Finally, it’s worth considering some of the security advice peoples offered at Black Hat. It will serve as a good starting point for next year’s event, or indeed for any other event likely to attract the ministrations of hackers (Olympics, World Cups, other Black Hats, etc.).
Level 3's Dale Drew told us that Black Hat is “not for the faint of heart, from a security perspective." the CyberWire spoke with him about the conference. A lot of people at the conference—and at DefCon and BSides—were there to experiment with various hacks, and that alone should place anyone attending on the qui vive. Among the threats you could expect to encounter were spoofed Wi-Fi hotspots and rogue cellphone towers designed to intercept calls. Drew recommended taking to the event only devices wiped, without personal or business data, and then wiping and scanning those machines again upon your return. (Those devices should all have up-to-date patches installed.) He suggested you consider changing your passwords before you go, and changing them again after you return. Cellphone hotspots or a My-Fi are a better security bet than any conference Wi-Fi hotspots. He recommended disabling Bluetooth and carrying an NFC blocker to protect credit cards. Look closely at any ATMs you use (if you must use them at all—better to come with enough cash to meet your needs) and inspect them for signs that a skimmer might have been installed. And, of course, don’t accept or use any swag that connects with your device—USB drives, chargers, cables, extra batteries, and so on.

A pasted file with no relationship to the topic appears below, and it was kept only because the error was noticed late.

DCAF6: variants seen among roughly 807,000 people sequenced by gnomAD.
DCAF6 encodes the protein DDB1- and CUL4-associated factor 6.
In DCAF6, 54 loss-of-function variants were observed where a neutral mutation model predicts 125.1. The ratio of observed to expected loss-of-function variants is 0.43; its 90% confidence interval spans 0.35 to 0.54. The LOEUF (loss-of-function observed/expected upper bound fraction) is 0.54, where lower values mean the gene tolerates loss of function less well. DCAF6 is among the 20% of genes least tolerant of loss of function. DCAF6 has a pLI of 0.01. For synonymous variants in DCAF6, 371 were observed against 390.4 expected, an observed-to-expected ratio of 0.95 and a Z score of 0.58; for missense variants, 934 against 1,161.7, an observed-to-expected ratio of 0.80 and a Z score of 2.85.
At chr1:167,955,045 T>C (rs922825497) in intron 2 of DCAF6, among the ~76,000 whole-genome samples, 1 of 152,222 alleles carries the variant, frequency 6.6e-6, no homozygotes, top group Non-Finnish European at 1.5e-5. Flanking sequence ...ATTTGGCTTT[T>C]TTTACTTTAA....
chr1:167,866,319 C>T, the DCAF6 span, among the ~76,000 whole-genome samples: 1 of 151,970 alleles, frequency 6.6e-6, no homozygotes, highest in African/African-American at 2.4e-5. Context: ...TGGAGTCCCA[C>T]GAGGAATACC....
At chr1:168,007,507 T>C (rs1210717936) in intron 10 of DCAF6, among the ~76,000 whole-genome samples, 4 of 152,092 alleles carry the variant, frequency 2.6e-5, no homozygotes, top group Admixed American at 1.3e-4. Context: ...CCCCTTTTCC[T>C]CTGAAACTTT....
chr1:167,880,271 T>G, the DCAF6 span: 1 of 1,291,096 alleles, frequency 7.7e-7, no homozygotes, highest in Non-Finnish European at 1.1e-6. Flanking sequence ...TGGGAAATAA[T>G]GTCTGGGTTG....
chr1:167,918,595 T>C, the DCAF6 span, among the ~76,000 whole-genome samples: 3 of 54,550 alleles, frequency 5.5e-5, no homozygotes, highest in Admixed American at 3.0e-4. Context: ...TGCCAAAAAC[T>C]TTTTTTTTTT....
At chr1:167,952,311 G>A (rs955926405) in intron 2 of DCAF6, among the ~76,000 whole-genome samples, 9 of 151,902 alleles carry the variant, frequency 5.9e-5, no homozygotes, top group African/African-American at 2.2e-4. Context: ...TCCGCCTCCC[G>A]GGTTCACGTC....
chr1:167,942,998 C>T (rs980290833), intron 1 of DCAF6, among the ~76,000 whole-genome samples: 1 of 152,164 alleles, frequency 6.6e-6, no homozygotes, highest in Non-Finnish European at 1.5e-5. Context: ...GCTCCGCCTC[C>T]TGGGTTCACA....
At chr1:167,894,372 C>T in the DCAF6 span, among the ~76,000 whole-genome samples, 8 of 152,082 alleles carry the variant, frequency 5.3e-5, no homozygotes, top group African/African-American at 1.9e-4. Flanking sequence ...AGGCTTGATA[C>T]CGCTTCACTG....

So enjoy your events, and enjoy your travels, and stay safe.